Transforming the Electricity Portfolio: Lessons from Germany and Japan in Deploying Renewable Energy

Brookings held the captioned event to launch a new policy brief (download PDF). I listened to the audio podcast while cycling Saturday. There is also a transcript available.

When I study the Brookings graphic showing the fossil increases in Germany and Japan it makes me really sad. But the majority of citizens are happy that the hated nuclear is dead or dying.

I think Germany is driving their economy off a cliff. As RE penetration increases their generation costs will go convex. Germany is already around 27% RE, with “greens” talking about going to 100% as fast as possible. But the man on the street thinks this is all grand. It is political suicide for a politician to propose reversing the anti-nuclear Energiewende.

To my surprise the Brookings scholars speaking at the event do not seem concerned. E.g., they quote a new NREL study proposing a pathway to 80% RE. Among the “lessons learned”:

Implications for the United States:

Policymakers must work to build a baseline consensus on national energy objectives and then develop and implement consistent, durable and clear policy mechanisms to achieve those objectives

The U.S. needs to elevate environmental goals as part of its overall energy objectives—in particular addressing climate change through reduction of greenhouse gases—and link these environmental goals to economic and national security issues

Renewable energy needs to be considered a national asset, with the capacity to balance multiple objectives

Brookings is a big place. Evidently it's possible for the RE group to be unaware of other Brookings research just published in May this year “The Net Benefits of Low and No-Carbon Electricity Technologies” Charles Frank, summarized in the blog Why the Best Path to a Low-Carbon Future is Not Wind or Solar Power.

This is a placeholder for a longer post when I have time to write it. Check out the audio or transcript and the brief. What do you think?

 

Climate Group Lecture keynote address from Professor Joseph B Lassiter

Prof. Lassiter delivered a 40 minute lecture in Scotland to an event sponsored by the 2020ClimateGroup. The video is in two parts

Keynote part 1

Keynote part 2

We found the lecture to be a useful and sometimes fascinating global perspective of what is happening in the energy markets. An “insider’s perspective” in some parts. What you think?

Response to Readers: Combating Climate Change with Nuclear Power and Fracking

Prof. Joe Lassiter responds to the commentary firefight prompted by his Harvard Business School Working Knowledge article. His comments are self-explanatory – I’m highlighting here a few that resonate especially with me [emphasis is mine].

With more than 7,500 views and 180-plus tweets, I want to thank everyone for taking the time to read the original HBS Working Knowledge piece, The Case for Combating Climate Change with Nuclear Power and Fracking, and, in particular, for sharing your thoughts with one another. I don’t expect the article has changed minds, but I do hope it encourages people to open their minds to consider new possibilities.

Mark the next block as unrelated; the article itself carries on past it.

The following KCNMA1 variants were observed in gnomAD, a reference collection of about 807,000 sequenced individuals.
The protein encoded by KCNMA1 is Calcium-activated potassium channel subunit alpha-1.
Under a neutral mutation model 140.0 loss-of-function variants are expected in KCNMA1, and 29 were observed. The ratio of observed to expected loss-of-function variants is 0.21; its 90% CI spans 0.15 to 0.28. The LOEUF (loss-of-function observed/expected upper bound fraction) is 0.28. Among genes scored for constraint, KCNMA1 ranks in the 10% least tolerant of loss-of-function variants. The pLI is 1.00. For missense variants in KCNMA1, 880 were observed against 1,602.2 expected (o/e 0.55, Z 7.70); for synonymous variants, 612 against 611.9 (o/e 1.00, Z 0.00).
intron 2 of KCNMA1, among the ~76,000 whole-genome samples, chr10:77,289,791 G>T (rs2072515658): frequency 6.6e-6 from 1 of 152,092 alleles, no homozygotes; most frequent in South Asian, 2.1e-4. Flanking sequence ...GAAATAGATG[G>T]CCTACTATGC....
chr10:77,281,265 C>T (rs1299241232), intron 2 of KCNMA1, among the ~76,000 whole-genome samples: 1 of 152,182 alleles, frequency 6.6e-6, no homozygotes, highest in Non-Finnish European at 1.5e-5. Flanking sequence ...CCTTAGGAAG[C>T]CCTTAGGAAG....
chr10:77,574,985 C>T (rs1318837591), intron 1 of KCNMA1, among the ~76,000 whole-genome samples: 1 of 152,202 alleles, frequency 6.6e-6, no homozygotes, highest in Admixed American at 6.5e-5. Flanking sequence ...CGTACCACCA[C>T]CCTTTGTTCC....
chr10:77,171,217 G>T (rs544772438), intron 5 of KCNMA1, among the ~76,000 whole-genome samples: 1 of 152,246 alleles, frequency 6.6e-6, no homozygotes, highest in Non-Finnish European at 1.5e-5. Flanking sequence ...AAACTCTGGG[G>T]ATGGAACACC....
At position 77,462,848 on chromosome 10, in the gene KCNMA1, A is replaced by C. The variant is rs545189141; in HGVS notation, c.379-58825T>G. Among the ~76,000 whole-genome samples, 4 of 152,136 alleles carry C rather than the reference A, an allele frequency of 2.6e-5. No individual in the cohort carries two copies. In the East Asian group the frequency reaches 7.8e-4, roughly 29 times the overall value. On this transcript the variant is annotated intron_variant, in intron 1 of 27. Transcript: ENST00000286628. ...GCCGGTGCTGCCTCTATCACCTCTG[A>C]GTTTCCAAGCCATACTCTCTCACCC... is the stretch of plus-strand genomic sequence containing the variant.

My own concerns about climate change have led me to put “new” nuclear back on my table of alternatives that must be actively explored as well as to clarify my own attitudes toward fracking and its role towards any global solution. We must have a global solution—a set of new choices that change plans not only in the West but also in China and India—or we will have no solution at all.

(…snip…)

Things that were once seen as relatively safe are now understood as likely to be quite dangerous, such as coal burning’s contribution to global warming driven by worldwide cumulative CO2 emissions. Perhaps, the opposite is also true. Are things that were once seen as quite dangerous now potentially relatively safe as result of new understandings and innovations? 

While rich countries can afford to do whatever they wish to do, policymakers in poorer countries consistently make the trade-off in favor of the certain benefits of electricity to their citizens today over the uncertain costs of global warming to their citizens in the future. To change that trade-off significantly, I believe we need to get new dispatchable, zero-carbon technologies on the table within the next 10 years that can beat coal on price in India and China in order to change Indian and Chinese national energy policies.

In my opinion, the newly approved Gen III+ nuclear reactors (e.g., AP-1000 variants or even the still-to-be-approved, but largely derivative Small Modular Reactors) are not likely to produce power cheaply enough to change the currently forecast build out of fossil fuel power systems in India and China. While China will make significant commitments to nuclear power internally and aggressively export nuclear power plant components, the bulk of its power generation will remain with coal, serving markets—domestic and foreign—where demand for low-cost will in all likelihood overwhelm the drive for low-carbon emissions. Without establishing the availability of much cheaper (coal-competitive) zero-carbon alternatives within the next 10 years, I just don’t think “the world” can do enough, fast enough to keep cumulative CO2 emissions below the levels that—again in my estimate—threaten us all with “unknowable” risks.